The documentary does not flinch away from portraying the struggles of Golding and his family. Judy reveals the extent of Golding’s self-loathing and resulting drinking problem and says: ‘after a while he would drink it as if he disliked it. As if it was evil-tasting medicine’. Judy’s older brother, David, suffered a mental breakdown whilst a student at Oxford and in the interview, David states that this was due to a ‘bio-chemical imbalance’, possibly caused by Ann Golding having contracted German measles when pregnant. Judy states that David’s life-long illness was Golding and Ann’s ‘great tragedy’.
In 1966, an American student, Virginia Tiger, contacted Golding as she was studying his work. He usually declined such requests but met Tiger in Salisbury. Judy thinks that Golding fell in love with Tiger and Tiger herself felt that Golding was infatuated with her. However, she strongly denies any kind of love affair although concedes that Golding’s wife suspected that there was.
After the family’s boat Tenace collided with another ship and after the strain Golding’s friendship with Tiger had placed on his marriage, Golding sank into a deep depression. Golding wrote in his diary that ‘life seemed pointless’ in 1971 and found it impossible to write. Having recovered from this desperate period of writer’s block, Golding’s novels of the late 70s and 80s were immensely successful and he was awarded the Nobel Prize in 1983 and the Booker Prize in 1980 for Rites of Passage.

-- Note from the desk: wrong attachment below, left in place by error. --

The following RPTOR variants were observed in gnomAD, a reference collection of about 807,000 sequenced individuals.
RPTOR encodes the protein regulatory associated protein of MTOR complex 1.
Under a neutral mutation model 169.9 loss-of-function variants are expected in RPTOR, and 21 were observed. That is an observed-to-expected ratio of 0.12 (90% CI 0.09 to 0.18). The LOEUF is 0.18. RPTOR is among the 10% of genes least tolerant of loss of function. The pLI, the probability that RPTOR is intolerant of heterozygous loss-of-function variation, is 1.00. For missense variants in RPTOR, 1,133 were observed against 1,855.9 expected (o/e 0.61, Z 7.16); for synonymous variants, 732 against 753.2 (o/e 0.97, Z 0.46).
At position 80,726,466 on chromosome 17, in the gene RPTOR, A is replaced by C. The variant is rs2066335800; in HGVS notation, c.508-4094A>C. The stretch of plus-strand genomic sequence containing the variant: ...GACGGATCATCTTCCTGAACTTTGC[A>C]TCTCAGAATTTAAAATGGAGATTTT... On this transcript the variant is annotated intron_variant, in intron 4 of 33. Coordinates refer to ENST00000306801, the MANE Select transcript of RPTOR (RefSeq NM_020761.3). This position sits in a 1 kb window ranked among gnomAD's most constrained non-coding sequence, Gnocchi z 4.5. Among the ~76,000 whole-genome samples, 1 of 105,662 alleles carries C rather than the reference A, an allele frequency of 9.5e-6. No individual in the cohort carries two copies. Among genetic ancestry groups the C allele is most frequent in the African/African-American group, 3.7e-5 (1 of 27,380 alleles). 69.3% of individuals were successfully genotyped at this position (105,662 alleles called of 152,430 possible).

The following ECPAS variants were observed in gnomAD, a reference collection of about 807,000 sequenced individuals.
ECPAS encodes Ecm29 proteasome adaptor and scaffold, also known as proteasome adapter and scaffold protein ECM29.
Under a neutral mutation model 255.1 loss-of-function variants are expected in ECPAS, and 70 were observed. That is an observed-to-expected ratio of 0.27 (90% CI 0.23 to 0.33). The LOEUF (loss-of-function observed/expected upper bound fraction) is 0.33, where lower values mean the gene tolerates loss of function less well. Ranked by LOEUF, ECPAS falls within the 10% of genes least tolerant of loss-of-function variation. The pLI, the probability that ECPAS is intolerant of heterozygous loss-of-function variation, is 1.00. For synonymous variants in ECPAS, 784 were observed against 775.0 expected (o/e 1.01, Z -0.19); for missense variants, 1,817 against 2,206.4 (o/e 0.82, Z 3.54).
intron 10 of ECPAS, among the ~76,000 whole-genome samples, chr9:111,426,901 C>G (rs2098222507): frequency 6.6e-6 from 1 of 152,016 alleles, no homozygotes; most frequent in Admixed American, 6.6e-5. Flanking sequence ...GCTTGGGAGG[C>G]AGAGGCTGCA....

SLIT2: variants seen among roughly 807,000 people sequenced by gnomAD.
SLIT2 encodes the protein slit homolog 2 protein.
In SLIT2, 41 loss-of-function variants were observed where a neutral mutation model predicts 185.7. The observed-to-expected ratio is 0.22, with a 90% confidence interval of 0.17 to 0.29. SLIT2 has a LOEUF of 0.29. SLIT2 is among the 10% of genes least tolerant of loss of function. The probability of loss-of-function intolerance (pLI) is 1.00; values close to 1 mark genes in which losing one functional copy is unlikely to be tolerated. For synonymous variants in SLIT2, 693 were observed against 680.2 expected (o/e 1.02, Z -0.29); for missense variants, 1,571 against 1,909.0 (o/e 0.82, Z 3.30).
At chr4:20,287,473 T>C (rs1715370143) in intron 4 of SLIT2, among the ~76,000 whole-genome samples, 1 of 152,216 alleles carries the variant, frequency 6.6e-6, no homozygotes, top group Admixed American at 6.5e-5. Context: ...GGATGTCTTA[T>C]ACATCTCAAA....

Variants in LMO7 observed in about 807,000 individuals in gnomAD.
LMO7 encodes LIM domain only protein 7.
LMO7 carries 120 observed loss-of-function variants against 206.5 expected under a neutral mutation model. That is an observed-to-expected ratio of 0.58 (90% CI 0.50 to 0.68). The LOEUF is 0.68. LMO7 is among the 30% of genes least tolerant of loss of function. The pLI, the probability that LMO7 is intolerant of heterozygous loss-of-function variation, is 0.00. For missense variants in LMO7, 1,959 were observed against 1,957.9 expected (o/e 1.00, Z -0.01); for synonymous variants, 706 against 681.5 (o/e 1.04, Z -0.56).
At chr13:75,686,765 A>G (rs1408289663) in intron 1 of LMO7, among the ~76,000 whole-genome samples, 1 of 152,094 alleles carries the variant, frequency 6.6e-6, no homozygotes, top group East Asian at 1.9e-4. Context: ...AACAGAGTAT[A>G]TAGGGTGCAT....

Perhaps the most impressive aspect of the documentary is the inclusion of Golding’s novels. Adam Low shows just how relevant they still are today by interspersing the readings and film footage with contemporary images. For instance, the bestselling author Stephen King reminiscences about reading Lord of the Flies in 1960 and places the book in the context of 1960s America: civil rights unrest and the Vietnam War. He identified with the novel because of its realism: ‘The difference [in Lord of the Flies] was that they acted like real boys’. One of the pupils at Bishop Wordsworth’s School points out that the disregard for rules and order in the novel has a striking similarity with the riots that swept across England in the summer of 2011 and Low adds news footage to illustrate this. With regard to The Spire, a novel about Dean Jocelin’s obsession with the erection of a spire, Golding says: ‘any human endeavour can never be wholly good; it must always have a cost in people. Jocelin was a fanatic and we are in the presence of religious fanaticism. Its cost in suffering, death and sorrow is immeasurable’. Here, Low displays images of the 7/7 bombings and terrorist attacks; Golding’s novels, it seems, were often prophetic.